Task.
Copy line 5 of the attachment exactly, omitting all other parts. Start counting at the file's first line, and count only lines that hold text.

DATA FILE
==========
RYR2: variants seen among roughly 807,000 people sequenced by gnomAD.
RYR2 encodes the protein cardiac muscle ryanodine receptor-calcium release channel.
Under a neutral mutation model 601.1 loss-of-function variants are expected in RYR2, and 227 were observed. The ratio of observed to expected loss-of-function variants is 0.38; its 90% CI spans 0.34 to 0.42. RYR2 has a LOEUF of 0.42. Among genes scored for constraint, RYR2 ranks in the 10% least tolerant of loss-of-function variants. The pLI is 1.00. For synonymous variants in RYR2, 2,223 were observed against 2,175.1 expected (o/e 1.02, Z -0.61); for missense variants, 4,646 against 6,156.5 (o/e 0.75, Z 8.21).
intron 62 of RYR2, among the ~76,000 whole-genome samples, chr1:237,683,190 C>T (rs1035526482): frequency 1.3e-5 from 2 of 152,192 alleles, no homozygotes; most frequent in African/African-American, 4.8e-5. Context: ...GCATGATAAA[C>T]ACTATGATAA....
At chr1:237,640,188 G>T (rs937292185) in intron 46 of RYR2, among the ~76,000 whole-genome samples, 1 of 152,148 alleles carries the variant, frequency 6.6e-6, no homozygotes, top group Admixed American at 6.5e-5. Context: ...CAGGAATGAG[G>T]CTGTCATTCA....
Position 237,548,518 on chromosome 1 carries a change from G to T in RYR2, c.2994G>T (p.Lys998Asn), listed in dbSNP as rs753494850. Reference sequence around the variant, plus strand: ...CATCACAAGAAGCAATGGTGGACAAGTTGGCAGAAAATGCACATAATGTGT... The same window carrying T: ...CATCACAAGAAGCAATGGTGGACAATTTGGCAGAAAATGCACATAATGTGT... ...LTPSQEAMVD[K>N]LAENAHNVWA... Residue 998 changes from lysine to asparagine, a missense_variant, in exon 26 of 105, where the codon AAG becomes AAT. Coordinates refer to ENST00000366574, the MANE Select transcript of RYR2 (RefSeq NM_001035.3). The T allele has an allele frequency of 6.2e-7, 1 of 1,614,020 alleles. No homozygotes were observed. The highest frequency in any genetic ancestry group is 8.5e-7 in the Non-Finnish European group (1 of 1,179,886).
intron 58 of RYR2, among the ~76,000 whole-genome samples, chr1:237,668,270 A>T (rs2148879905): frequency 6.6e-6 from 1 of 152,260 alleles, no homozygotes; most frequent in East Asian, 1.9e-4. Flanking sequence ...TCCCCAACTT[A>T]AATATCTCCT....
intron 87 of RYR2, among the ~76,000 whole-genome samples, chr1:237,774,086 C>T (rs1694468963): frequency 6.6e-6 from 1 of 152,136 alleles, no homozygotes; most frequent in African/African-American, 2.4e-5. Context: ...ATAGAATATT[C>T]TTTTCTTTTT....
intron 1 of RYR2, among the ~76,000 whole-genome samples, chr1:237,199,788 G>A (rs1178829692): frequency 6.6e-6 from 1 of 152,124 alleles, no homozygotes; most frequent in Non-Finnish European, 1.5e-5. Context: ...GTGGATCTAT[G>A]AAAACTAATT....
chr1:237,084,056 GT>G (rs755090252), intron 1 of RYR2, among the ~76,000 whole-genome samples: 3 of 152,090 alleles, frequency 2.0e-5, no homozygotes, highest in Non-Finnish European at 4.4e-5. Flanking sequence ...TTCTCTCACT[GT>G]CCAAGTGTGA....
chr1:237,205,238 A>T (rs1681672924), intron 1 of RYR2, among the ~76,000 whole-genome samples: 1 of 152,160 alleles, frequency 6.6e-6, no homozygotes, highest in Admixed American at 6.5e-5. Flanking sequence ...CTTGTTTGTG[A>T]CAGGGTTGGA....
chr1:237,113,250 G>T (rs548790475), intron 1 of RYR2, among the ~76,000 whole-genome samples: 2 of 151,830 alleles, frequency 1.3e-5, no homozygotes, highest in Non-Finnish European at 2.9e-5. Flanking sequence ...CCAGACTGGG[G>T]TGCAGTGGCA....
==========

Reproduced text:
At chr1:237,640,188 G>T (rs937292185) in intron 46 of RYR2, among the ~76,000 whole-genome samples, 1 of 152,148 alleles carries the variant, frequency 6.6e-6, no homozygotes, top group Admixed American at 6.5e-5. Context: ...CAGGAATGAG[G>T]CTGTCATTCA....